June 2012 -- From Cathann Kress
“Think anew and act anew.”
These wise words of Abraham Lincoln inspired our nation 150 years ago when the Morrill Act became law, establishing the land-grant university system. That inspiration continues today in the research, teaching and extension and outreach of Iowa State. Some of the ways we think anew and act anew will be showcased at the 2012 Smithsonian Folklife Festival in Washington, D.C., June 27 through July 1 and July 4-8.
Iowa State’s Smithsonian exhibit highlights the central role of design in the land-grant mission, and extension’s past, present and future impact on communities. From advanced, interactive technology to old-fashioned, personal conversation, the exhibit shows how the College of Design and ISU Extension and Outreach apply creative problem solving to society’s complex challenges.
If you can’t make it to D.C., you can catch the exhibit at the Iowa State Fair or the Farm Progress Show in August. We are people advancing people -- and putting research into action -- proving that Lincoln’s charge to “think anew, and act anew” still makes sense today.
Iowa Spring engineers, produces and delivers springs for various agricultural equipment, construction machinery, overhead garage doors and appliance industries worldwide. The Adel manufacturer first called the Center for Industrial Research and Service several years ago, seeking help with the plant layout of a new manufacturing facility at a second location.
CIRAS developed plant layout simulations that helped the company improve material handling processes. Since that success, CIRAS has been assisting Iowa Spring with many other facets of the business.
Some campers at the Iowa 4-H Center this summer have the opportunity to experience Immersion in Wellness. Iowa State University faculty in food science and human nutrition are conducting this new research study targeted toward lowering childhood obesity. The study is receiving funding from the Wellmark Foundation Healthy Communities Grant Program.
Participating youth will be immersed in nutrition education, gardening, culinary skills, physical activity and a health-promoting environment, said Ruth Litchfield, associate professor and state nutrition extension specialist. “The immersion experiences will develop youths’ skills and abilities so they can succeed, and transfer the positive health behaviors they experience at camp to their home and community.”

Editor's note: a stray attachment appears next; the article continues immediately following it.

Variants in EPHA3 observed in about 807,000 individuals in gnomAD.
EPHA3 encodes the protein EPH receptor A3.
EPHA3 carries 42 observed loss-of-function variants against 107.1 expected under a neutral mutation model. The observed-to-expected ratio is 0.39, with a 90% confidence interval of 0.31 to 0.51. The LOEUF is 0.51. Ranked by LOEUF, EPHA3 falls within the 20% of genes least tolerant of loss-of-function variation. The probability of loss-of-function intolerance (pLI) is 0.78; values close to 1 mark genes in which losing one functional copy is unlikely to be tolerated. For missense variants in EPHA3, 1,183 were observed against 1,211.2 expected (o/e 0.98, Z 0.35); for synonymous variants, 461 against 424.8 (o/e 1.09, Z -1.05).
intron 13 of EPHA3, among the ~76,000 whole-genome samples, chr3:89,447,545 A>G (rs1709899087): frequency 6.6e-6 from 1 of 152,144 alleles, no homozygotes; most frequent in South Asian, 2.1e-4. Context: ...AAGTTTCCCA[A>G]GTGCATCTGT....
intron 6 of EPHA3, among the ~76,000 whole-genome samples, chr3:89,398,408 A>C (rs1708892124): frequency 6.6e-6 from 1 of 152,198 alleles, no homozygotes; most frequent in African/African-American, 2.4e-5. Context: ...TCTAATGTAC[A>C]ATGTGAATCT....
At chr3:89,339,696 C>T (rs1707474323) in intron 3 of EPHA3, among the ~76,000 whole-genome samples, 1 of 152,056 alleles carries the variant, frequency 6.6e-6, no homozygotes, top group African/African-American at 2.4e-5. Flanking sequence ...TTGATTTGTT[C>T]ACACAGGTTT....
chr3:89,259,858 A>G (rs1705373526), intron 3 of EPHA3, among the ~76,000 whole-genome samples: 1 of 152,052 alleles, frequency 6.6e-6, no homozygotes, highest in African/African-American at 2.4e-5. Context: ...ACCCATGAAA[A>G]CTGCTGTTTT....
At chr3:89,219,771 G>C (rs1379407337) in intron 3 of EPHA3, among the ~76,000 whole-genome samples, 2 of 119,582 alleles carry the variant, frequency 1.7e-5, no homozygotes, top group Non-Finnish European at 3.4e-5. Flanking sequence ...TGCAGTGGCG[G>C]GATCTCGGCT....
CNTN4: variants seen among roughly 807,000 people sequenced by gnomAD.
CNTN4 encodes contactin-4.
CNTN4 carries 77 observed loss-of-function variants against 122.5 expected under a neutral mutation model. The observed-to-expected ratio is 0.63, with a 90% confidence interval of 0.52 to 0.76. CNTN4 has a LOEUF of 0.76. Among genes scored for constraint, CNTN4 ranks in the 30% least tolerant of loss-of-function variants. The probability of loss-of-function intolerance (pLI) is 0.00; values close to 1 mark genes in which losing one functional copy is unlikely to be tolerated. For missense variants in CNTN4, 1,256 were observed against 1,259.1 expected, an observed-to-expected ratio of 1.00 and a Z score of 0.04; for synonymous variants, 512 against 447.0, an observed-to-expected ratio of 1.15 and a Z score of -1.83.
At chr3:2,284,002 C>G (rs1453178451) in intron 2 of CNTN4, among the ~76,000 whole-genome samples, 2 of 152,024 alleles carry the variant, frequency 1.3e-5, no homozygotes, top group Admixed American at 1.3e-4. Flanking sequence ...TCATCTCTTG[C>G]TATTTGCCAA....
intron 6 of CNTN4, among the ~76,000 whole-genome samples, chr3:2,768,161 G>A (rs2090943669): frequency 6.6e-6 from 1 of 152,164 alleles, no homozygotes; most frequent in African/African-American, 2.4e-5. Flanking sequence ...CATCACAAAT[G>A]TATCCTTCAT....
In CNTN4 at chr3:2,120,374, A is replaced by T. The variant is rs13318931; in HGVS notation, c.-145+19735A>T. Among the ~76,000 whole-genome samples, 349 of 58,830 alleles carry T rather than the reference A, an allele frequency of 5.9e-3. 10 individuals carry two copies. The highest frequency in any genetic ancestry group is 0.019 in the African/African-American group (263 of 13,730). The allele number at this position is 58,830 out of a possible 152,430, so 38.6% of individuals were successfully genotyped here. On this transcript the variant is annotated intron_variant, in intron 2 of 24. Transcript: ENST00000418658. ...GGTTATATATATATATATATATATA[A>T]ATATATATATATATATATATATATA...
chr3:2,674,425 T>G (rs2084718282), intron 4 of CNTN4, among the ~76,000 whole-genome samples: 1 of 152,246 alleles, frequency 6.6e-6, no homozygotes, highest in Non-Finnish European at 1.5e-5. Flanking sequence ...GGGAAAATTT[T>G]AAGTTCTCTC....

Ron Prescott wants Iowans to know that Iowa State is a great source of research on retail trade. As the new retail and small business specialist with ISU Extension and Outreach, Prescott is building relationships with Iowa communities and their small businesses. Communities interested in receiving assistance in interpreting and using retail trade analysis data can contact Prescott at 515-294-5862 or email@example.com.
Prescott also will be working with the Community Vitality Center on the creation of food hubs. He will be developing and then implementing a model in which locally grown food is packaged and distributed to larger markets without sacrificing quality.
When it comes to science, technology, engineering and math (STEM), Iowa’s inquiring young minds need to know — so they’re ready for future education and careers. But the first step is getting them to want to know about STEM. ISU Extension and Outreach is helping young Iowans take that first step.
From building robots to experimenting with electricity and extracting DNA from bananas, kids and teens explore hands-on, scientific inquiry through 4-H clubs and out-of-school experiences. Inquiry meets the needs of young learners, because youth learn best when they can “do,” said Jay Staker, director of Extension Science, Engineering and Technology (E-SET) youth initiative.
The Field Extension Education Laboratory (FEEL) began the 2012 growing and training session with new activities coordinator Joshua (Josh) Dunn. Dunn is responsible for coordinating demonstration plots and scheduling training events at the 43-acre ISU Extension and Outreach facility.
“I’m looking forward to extension and outreach work — where I can talk about the trials and demonstrations we are conducting and help farmers apply our findings,” said Dunn.